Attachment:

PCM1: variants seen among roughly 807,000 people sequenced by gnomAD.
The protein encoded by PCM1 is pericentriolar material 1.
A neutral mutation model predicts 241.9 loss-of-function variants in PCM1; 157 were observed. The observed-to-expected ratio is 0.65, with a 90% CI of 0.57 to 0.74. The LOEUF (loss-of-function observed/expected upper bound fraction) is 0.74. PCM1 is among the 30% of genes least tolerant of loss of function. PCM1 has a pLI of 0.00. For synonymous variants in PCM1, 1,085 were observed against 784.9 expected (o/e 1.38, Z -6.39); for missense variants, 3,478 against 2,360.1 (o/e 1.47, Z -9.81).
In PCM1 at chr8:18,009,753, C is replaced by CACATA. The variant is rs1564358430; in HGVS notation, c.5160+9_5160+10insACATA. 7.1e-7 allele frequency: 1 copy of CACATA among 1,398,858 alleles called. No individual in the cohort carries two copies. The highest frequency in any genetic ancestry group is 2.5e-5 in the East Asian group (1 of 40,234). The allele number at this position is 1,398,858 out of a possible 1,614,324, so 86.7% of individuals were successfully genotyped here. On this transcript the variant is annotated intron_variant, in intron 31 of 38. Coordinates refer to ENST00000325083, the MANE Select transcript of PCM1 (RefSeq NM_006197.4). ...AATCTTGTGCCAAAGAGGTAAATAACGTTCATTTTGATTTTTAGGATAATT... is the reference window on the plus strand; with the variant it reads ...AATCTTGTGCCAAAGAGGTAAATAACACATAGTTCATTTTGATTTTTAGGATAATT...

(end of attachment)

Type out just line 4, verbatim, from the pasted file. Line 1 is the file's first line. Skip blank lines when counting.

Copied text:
In PCM1 at chr8:18,009,753, C is replaced by CACATA. The variant is rs1564358430; in HGVS notation, c.5160+9_5160+10insACATA. 7.1e-7 allele frequency: 1 copy of CACATA among 1,398,858 alleles called. No individual in the cohort carries two copies. The highest frequency in any genetic ancestry group is 2.5e-5 in the East Asian group (1 of 40,234). The allele number at this position is 1,398,858 out of a possible 1,614,324, so 86.7% of individuals were successfully genotyped here. On this transcript the variant is annotated intron_variant, in intron 31 of 38. Coordinates refer to ENST00000325083, the MANE Select transcript of PCM1 (RefSeq NM_006197.4). ...AATCTTGTGCCAAAGAGGTAAATAACGTTCATTTTGATTTTTAGGATAATT... is the reference window on the plus strand; with the variant it reads ...AATCTTGTGCCAAAGAGGTAAATAACACATAGTTCATTTTGATTTTTAGGATAATT...